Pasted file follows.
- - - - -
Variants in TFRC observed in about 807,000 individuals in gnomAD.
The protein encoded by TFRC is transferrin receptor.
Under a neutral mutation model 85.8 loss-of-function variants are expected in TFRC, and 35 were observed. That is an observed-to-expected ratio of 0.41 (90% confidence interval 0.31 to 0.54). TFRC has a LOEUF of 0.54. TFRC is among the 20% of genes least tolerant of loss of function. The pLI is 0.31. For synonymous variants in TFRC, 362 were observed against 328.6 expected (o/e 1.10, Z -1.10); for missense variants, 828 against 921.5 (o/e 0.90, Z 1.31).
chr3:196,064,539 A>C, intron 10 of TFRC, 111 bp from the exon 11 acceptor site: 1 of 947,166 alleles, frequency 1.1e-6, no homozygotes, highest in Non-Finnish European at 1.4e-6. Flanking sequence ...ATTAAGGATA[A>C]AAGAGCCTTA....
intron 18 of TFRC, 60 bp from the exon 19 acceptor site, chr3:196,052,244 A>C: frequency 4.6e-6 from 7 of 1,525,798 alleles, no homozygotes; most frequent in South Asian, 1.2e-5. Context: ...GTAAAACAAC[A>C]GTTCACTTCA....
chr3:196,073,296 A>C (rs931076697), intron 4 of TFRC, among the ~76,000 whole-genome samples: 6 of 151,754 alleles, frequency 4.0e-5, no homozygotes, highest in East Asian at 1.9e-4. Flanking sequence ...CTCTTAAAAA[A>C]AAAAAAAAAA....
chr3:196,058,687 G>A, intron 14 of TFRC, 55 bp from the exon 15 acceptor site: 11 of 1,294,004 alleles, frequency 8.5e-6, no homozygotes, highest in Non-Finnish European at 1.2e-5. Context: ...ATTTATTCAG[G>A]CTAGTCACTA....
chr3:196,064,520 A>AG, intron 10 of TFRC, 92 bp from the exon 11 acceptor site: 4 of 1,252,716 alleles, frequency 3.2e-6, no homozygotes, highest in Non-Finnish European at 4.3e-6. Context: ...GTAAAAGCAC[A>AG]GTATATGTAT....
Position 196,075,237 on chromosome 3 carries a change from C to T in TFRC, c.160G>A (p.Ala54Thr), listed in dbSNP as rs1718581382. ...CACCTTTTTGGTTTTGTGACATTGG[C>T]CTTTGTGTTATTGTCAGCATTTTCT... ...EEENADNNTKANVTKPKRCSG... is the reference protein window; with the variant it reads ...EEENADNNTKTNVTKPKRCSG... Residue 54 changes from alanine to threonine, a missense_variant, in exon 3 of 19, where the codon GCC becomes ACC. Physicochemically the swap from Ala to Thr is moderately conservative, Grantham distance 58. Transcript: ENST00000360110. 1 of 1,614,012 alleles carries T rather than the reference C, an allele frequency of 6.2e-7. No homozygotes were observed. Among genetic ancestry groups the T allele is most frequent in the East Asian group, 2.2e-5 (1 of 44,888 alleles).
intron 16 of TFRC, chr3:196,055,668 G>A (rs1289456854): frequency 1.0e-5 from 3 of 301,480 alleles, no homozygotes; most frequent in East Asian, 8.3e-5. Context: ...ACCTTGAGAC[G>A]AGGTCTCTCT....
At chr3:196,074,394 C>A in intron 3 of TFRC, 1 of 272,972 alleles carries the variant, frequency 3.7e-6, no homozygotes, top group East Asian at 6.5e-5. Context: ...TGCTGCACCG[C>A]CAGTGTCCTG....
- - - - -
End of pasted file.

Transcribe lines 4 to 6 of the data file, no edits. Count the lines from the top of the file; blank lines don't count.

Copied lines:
chr3:196,064,539 A>C, intron 10 of TFRC, 111 bp from the exon 11 acceptor site: 1 of 947,166 alleles, frequency 1.1e-6, no homozygotes, highest in Non-Finnish European at 1.4e-6. Flanking sequence ...ATTAAGGATA[A>C]AAGAGCCTTA....
intron 18 of TFRC, 60 bp from the exon 19 acceptor site, chr3:196,052,244 A>C: frequency 4.6e-6 from 7 of 1,525,798 alleles, no homozygotes; most frequent in South Asian, 1.2e-5. Context: ...GTAAAACAAC[A>C]GTTCACTTCA....
chr3:196,073,296 A>C (rs931076697), intron 4 of TFRC, among the ~76,000 whole-genome samples: 6 of 151,754 alleles, frequency 4.0e-5, no homozygotes, highest in East Asian at 1.9e-4. Flanking sequence ...CTCTTAAAAA[A>C]AAAAAAAAAA....